This raises two questions. The first is whether it’s worth worrying about; the second is what to do about it if we should worry about it.

If your data centre has 500 racks and 10 servers per rack, that’s 5,000 servers. The total power loss for AC is 5,000*1.000024= 5000.12W. If we deliver DC, the total power loss is 5,000*0.06 = 300W. However, in both cases, the total power required by the IT is 500*5,000 = 2,500,000W. Whether the power loss is 5000.12W or 300W, it’s negligible compared to the total load. So, on a pure numbers basis, it’s immaterial.

But, and as I said in my first post in this series, I’m taking a holistic view of “green.” I’m not just worried about how economical a data centre can be in its usage of power. I’m also concerned about minimizing the overall carbon footprint. If we’re to do that, we need to look further than calculations such as the above. In terms of the power loss, the difference between AC and DC is negligible. But getting rid of 10,000 PSUs and some pretty beefy inverters does make a difference. Manufacturing that stuff – and destroying it safely when it’s finished – has an impact. That impact is not only avoidable; all those inverters and PSUs cancel each other out: they are functionally equivalent to nothing. So, if we’re to take “green” at all seriously, ditch the lot.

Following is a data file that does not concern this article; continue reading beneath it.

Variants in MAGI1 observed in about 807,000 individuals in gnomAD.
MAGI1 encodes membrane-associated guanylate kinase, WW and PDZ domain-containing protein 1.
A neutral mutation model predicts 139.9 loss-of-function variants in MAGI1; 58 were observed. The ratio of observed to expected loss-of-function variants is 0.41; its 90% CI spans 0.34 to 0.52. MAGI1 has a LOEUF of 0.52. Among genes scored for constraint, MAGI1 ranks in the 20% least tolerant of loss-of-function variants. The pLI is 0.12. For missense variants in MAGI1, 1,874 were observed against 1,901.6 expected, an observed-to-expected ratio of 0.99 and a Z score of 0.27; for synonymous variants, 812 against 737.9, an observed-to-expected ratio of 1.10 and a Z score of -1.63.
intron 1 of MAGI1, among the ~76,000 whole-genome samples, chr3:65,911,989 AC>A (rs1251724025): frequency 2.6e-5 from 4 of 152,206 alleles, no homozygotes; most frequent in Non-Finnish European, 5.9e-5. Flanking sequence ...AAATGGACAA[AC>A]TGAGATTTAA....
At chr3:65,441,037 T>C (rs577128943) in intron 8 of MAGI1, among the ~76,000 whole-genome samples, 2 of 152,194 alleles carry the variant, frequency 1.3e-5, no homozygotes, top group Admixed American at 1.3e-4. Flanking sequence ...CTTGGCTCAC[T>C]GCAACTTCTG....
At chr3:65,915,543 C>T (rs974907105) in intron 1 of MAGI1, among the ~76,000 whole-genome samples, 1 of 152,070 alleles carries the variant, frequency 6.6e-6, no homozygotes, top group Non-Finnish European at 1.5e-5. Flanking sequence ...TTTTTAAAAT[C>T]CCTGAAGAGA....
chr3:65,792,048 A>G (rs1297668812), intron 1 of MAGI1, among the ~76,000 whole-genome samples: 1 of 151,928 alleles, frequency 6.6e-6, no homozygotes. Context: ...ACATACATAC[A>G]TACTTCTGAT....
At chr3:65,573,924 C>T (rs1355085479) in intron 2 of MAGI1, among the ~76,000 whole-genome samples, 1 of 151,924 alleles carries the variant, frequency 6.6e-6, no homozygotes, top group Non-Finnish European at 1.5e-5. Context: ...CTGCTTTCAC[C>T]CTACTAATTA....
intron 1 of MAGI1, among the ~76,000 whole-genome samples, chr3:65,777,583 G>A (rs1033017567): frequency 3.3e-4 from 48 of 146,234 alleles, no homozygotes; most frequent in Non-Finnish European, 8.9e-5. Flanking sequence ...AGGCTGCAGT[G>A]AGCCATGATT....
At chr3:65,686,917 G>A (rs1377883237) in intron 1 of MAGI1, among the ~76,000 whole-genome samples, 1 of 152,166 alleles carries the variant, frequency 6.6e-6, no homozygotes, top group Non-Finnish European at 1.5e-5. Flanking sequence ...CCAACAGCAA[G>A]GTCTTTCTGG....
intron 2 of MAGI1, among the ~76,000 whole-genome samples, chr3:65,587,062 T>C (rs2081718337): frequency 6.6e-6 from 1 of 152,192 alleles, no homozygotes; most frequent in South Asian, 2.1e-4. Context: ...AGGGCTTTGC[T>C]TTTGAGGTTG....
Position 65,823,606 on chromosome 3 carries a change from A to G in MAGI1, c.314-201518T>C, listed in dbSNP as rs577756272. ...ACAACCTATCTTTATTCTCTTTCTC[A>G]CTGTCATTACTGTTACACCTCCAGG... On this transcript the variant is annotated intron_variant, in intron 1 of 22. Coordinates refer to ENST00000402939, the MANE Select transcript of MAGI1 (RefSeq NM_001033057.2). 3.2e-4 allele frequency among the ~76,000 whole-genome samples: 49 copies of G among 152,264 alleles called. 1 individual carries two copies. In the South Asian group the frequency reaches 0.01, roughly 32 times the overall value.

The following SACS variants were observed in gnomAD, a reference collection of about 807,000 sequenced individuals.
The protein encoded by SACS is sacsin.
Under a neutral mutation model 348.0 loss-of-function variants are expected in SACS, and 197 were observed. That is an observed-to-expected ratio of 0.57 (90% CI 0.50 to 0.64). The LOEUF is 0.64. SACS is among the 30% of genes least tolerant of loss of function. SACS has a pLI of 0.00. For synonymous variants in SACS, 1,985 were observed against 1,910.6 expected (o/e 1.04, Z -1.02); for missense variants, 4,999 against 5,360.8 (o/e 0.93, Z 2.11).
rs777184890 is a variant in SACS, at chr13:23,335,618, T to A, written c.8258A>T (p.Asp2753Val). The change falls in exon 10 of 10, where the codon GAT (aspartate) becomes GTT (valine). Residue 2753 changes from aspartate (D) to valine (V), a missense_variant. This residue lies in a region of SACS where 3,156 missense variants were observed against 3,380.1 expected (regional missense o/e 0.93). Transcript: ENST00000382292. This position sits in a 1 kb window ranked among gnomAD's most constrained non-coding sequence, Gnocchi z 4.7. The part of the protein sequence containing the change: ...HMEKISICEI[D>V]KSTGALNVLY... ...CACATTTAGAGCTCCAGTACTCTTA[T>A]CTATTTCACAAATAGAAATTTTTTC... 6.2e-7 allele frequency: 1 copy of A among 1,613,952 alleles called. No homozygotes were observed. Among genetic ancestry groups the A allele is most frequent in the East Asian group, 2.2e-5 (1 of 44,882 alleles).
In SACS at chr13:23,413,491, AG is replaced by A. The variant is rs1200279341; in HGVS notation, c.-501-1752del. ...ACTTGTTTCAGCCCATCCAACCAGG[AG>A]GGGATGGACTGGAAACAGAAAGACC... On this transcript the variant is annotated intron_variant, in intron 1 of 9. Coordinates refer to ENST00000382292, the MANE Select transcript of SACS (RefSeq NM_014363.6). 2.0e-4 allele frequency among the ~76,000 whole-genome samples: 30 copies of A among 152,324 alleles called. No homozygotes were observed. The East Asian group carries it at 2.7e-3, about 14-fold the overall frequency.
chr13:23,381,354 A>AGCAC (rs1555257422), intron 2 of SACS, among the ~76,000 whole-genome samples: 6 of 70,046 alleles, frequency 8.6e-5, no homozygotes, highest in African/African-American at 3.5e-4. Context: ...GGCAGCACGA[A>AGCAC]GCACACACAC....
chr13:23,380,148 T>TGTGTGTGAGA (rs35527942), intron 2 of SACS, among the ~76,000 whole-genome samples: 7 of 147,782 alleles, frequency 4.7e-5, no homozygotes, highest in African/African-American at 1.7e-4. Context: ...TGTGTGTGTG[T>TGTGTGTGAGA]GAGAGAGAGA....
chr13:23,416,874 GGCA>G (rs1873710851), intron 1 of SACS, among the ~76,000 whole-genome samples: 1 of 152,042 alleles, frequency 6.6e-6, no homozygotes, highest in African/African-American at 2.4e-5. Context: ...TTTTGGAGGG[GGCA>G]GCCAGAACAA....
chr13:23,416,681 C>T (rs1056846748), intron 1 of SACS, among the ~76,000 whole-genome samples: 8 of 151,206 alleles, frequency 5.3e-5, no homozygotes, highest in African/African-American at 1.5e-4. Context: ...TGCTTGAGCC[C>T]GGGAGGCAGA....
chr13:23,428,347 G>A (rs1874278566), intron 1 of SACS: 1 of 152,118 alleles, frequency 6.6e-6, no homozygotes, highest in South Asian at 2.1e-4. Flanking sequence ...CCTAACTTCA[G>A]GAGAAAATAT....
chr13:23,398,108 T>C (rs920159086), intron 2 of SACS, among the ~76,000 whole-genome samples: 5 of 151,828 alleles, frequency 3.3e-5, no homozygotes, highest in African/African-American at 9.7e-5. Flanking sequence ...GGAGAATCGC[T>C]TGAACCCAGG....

The next objection will be that batteries supply 12V and most computers need 3.3V, 5V or 12V. As it happens, the industry is moving towards a single 12V supply, with conversion to the lower voltages being done on the motherboard. But batteries can be designed for pretty much any voltage and, just as data centers today offer the choice between 2- and 3-phase, there’s no reason they can’t offer the choice between different DC voltages.

Another advantage of DC is less wire. Most computer equipment today has three wires: live, neutral and earth. With 110V/230V, the earth is necessary as these voltages are lethal. 12V is not lethal, and it is safe to ground the neutral wire in a DC circuit (it isn’t with AC). The average data center contains literally tons of copper wiring and reducing three wires to two is a hell of a lot less copper to quarry, refine, turn into wire and ship, and a hell of a lot less PVC to insulate it with.

And, yes, supplying DC direct to the computers would save a lot of money: no invertors, far fewer PSUs, and a third less wire.

So: what to do about it? The obvious and simplest answer is that we make the primary source of power for the computer equipment the battery pack:

Power chain batteries

Now, this may seem like a simple change, and I have been quite deliberate in making the minimum possible change to the drawings to maintain this illusion. However,putting on my Accredited Tier Designer hat, there remains a serious issue if one’s operating within the Uptime Institute framework. According to UI, the primary source of power for a data centre is the on-site power generation. That on-site power must be able to run the data center indefinitely, and should have a minimum capacity of 96 hours. If the primary power source is the batteries, the battery pack for 96 hours would be gargantuan.

I’ll fix that in the next post.